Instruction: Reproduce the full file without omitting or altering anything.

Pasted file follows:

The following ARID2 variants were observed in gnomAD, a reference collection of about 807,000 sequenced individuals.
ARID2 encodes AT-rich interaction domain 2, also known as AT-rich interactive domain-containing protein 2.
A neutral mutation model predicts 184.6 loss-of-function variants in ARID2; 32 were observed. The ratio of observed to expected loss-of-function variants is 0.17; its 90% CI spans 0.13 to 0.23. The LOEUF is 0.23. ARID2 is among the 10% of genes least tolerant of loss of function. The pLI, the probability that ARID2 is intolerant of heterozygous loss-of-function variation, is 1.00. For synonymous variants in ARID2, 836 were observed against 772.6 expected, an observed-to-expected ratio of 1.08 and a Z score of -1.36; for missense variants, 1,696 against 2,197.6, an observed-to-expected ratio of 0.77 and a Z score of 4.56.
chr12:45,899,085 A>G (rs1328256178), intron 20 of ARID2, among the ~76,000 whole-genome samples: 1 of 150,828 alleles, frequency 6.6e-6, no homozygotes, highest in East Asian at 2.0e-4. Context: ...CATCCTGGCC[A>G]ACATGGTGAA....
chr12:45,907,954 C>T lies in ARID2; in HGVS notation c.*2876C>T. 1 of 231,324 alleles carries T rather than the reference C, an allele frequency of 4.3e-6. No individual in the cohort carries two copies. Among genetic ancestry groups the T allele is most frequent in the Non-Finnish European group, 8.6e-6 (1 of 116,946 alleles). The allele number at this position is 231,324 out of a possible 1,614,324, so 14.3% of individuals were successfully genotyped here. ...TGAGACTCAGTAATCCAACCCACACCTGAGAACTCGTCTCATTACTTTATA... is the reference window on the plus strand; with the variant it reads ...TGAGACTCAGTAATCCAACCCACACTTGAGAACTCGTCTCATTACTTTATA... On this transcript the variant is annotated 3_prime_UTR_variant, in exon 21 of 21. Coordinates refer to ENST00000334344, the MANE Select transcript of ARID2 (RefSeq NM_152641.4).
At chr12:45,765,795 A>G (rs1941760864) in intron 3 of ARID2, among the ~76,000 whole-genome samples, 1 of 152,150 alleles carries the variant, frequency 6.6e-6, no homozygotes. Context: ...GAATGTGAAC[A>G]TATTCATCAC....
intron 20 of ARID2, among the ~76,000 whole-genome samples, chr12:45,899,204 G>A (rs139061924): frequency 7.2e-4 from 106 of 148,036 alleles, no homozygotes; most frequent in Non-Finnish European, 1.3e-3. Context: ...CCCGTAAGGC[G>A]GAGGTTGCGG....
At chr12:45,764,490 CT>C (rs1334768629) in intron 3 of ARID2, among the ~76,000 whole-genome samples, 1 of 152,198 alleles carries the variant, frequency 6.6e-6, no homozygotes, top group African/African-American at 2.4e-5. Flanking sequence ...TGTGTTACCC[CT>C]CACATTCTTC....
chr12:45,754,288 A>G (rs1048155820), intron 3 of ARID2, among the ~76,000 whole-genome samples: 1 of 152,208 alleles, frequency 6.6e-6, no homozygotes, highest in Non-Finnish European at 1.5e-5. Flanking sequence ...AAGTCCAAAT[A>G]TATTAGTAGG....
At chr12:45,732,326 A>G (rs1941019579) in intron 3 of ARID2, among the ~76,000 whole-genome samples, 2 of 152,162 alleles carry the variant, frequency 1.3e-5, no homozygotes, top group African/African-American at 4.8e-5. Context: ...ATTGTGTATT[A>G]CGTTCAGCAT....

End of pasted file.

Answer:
The following ARID2 variants were observed in gnomAD, a reference collection of about 807,000 sequenced individuals.
ARID2 encodes AT-rich interaction domain 2, also known as AT-rich interactive domain-containing protein 2.
A neutral mutation model predicts 184.6 loss-of-function variants in ARID2; 32 were observed. The ratio of observed to expected loss-of-function variants is 0.17; its 90% CI spans 0.13 to 0.23. The LOEUF is 0.23. ARID2 is among the 10% of genes least tolerant of loss of function. The pLI, the probability that ARID2 is intolerant of heterozygous loss-of-function variation, is 1.00. For synonymous variants in ARID2, 836 were observed against 772.6 expected, an observed-to-expected ratio of 1.08 and a Z score of -1.36; for missense variants, 1,696 against 2,197.6, an observed-to-expected ratio of 0.77 and a Z score of 4.56.
chr12:45,899,085 A>G (rs1328256178), intron 20 of ARID2, among the ~76,000 whole-genome samples: 1 of 150,828 alleles, frequency 6.6e-6, no homozygotes, highest in East Asian at 2.0e-4. Context: ...CATCCTGGCC[A>G]ACATGGTGAA....
chr12:45,907,954 C>T lies in ARID2; in HGVS notation c.*2876C>T. 1 of 231,324 alleles carries T rather than the reference C, an allele frequency of 4.3e-6. No individual in the cohort carries two copies. Among genetic ancestry groups the T allele is most frequent in the Non-Finnish European group, 8.6e-6 (1 of 116,946 alleles). The allele number at this position is 231,324 out of a possible 1,614,324, so 14.3% of individuals were successfully genotyped here. ...TGAGACTCAGTAATCCAACCCACACCTGAGAACTCGTCTCATTACTTTATA... is the reference window on the plus strand; with the variant it reads ...TGAGACTCAGTAATCCAACCCACACTTGAGAACTCGTCTCATTACTTTATA... On this transcript the variant is annotated 3_prime_UTR_variant, in exon 21 of 21. Coordinates refer to ENST00000334344, the MANE Select transcript of ARID2 (RefSeq NM_152641.4).
At chr12:45,765,795 A>G (rs1941760864) in intron 3 of ARID2, among the ~76,000 whole-genome samples, 1 of 152,150 alleles carries the variant, frequency 6.6e-6, no homozygotes. Context: ...GAATGTGAAC[A>G]TATTCATCAC....
intron 20 of ARID2, among the ~76,000 whole-genome samples, chr12:45,899,204 G>A (rs139061924): frequency 7.2e-4 from 106 of 148,036 alleles, no homozygotes; most frequent in Non-Finnish European, 1.3e-3. Context: ...CCCGTAAGGC[G>A]GAGGTTGCGG....
At chr12:45,764,490 CT>C (rs1334768629) in intron 3 of ARID2, among the ~76,000 whole-genome samples, 1 of 152,198 alleles carries the variant, frequency 6.6e-6, no homozygotes, top group African/African-American at 2.4e-5. Flanking sequence ...TGTGTTACCC[CT>C]CACATTCTTC....
chr12:45,754,288 A>G (rs1048155820), intron 3 of ARID2, among the ~76,000 whole-genome samples: 1 of 152,208 alleles, frequency 6.6e-6, no homozygotes, highest in Non-Finnish European at 1.5e-5. Flanking sequence ...AAGTCCAAAT[A>G]TATTAGTAGG....
At chr12:45,732,326 A>G (rs1941019579) in intron 3 of ARID2, among the ~76,000 whole-genome samples, 2 of 152,162 alleles carry the variant, frequency 1.3e-5, no homozygotes, top group African/African-American at 4.8e-5. Context: ...ATTGTGTATT[A>G]CGTTCAGCAT....